Thousands of Sudanese gathered in Khartoum on Thursday to pay tribute to the dozens of protesters killed in the crackdown on Sudan’s seven-month protest movement that prompted President Omar al-Bashir to leave.
The rallies took place the day after the signing of a power-sharing agreement between the military council that succeeded Bashir and the leaders of the protest, the first step towards a civilian government, the main demand of the protesters.
Talks are expected to resume on Friday to finalize points on which both sides remain in disagreement.
One of the main leaders of the protest movement, Ahmed al-Rabie, however, told AFP late Thursday that the protesters were thinking of demanding a postponement of negotiations with the Military Council scheduled for Friday.
“This possibility is being studied so that there can be more discussion within the protest movement,” he said.
Coming from several parts of Khartoum and waving Sudan flags , men, women and children gathered in one of the largest parks in the Sudanese capital, chanting “Civil Regime, Civil Regime!” and “Freedom, peace, justice!”, according to witnesses.
Riot police fired tear gas to disperse a rally outside a bus station in central Khartoum, witnesses said.
Many of the protesters who arrived near Green Yard Park were in tears and shouting slogans in memory of the killed protesters.
“We are here to maintain our demands since the Military Council does not respond,” said Shaima Ahmed, a protester. “We will not give up.”
Protesters left the park in the evening, an AFP journalist said, and members of the paramilitary forces deployed around.
The Association of Sudanese Professionals (SPA), one of the main protest movements, called for the rally in “tribute to the honorable martyrs of the December Revolution”.
Accentuating the pressure
The protest movement was triggered on December 19 by the tripling of the price of bread in a poor country with a bloodless economy. The demonstrations quickly turned into a protest against the power of General Bashir, who led the country with an iron fist for nearly three decades before his dismissal and arrest by the army on April 11.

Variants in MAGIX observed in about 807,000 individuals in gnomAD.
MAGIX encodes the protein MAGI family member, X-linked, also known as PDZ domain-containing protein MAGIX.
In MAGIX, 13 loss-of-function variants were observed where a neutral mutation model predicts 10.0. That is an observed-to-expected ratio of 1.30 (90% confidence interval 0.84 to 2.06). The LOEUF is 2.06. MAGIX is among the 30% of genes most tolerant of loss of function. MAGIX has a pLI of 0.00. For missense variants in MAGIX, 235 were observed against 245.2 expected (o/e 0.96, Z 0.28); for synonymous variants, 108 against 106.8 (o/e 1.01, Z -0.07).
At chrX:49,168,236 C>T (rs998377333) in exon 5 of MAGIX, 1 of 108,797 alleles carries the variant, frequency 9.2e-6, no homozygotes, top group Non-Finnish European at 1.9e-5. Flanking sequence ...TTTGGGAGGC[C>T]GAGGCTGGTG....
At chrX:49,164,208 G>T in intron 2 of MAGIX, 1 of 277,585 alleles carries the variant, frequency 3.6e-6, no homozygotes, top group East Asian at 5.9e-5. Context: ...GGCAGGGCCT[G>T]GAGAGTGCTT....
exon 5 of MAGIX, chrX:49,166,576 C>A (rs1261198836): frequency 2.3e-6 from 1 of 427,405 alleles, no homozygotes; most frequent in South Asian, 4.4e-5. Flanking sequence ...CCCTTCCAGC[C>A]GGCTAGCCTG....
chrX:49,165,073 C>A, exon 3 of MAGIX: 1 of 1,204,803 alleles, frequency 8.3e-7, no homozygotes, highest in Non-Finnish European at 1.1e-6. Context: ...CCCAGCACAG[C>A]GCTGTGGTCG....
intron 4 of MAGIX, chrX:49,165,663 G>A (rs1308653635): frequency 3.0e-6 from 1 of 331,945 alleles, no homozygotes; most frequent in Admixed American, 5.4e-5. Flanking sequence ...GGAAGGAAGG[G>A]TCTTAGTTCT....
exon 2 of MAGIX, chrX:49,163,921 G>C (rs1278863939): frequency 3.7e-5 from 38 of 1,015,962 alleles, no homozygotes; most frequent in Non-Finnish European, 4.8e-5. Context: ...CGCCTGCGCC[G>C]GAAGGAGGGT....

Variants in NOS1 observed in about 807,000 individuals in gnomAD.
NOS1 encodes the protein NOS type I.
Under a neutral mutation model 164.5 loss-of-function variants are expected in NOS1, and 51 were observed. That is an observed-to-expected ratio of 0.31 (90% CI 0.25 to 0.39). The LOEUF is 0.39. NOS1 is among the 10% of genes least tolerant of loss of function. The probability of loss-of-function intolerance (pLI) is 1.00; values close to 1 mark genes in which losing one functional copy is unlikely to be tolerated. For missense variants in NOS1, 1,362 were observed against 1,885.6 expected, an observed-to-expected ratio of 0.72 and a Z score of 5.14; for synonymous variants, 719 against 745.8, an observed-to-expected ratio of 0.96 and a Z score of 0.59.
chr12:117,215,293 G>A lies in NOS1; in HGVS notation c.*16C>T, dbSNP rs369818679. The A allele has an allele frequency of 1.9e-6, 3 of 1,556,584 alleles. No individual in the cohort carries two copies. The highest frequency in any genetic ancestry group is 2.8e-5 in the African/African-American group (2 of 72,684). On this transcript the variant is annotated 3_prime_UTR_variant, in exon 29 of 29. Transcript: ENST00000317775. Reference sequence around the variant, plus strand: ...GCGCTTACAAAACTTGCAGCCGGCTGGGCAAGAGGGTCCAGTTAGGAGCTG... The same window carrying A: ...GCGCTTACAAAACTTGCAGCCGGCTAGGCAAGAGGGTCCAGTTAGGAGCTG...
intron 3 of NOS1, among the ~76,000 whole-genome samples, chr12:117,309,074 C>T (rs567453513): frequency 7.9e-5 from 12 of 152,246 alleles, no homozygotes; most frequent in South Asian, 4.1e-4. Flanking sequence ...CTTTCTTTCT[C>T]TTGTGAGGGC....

Epicenter of the protest, a sit-in of thousands of protesters installed since April 6 before the army headquarters in Khartoum to demand a civilian power, was brutally dispersed on June 3.
The crackdown has left 246 dead since December 19, including 127 for the only day of June 3, said a committee of doctors close to the challenge at a press conference Thursday night.
In addition, 1,353 people have been injured since the start of the dispute, according to this source.
The authorities spoke of 71 dead.
According to the agreement signed Wednesday after difficult negotiations, a Sovereign Council of five military and six civilians will be responsible for leading the transition for a little over three years. The military will preside over this body for the first 21 months, and civilians will take over for the remaining 18 months.
For Ammar Zubeir, a protester in Khartoum, the protests are intended to accentuate the “pressure before the meeting” on Friday.
Among the outstanding issues is the “absolute immunity” demanded by the ruling generals in connection with the suppression of rallies, an unacceptable demand for the representatives of the protest.
“Too many concessions”
There is also the question of the creation of a transitional parliament and the withdrawal of militia still present in Khartoum and other cities.
The Alliance for Freedom and Change (ALC), the spearhead of the protest, “has already made too many concessions,” said Safaa Moudawi, a protester. “We ask them not to do more”.
In a joint statement, the United States, the United Kingdom and Norway called on the parties to “quickly conclude the constitutional agreement” and “form a civilian-led transitional government, which the Sudanese people peacefully call for and with courage since December 2018 “.
The future civilian government “will work to realize the aspirations of the Sudanese people for peace, justice and development,” they said.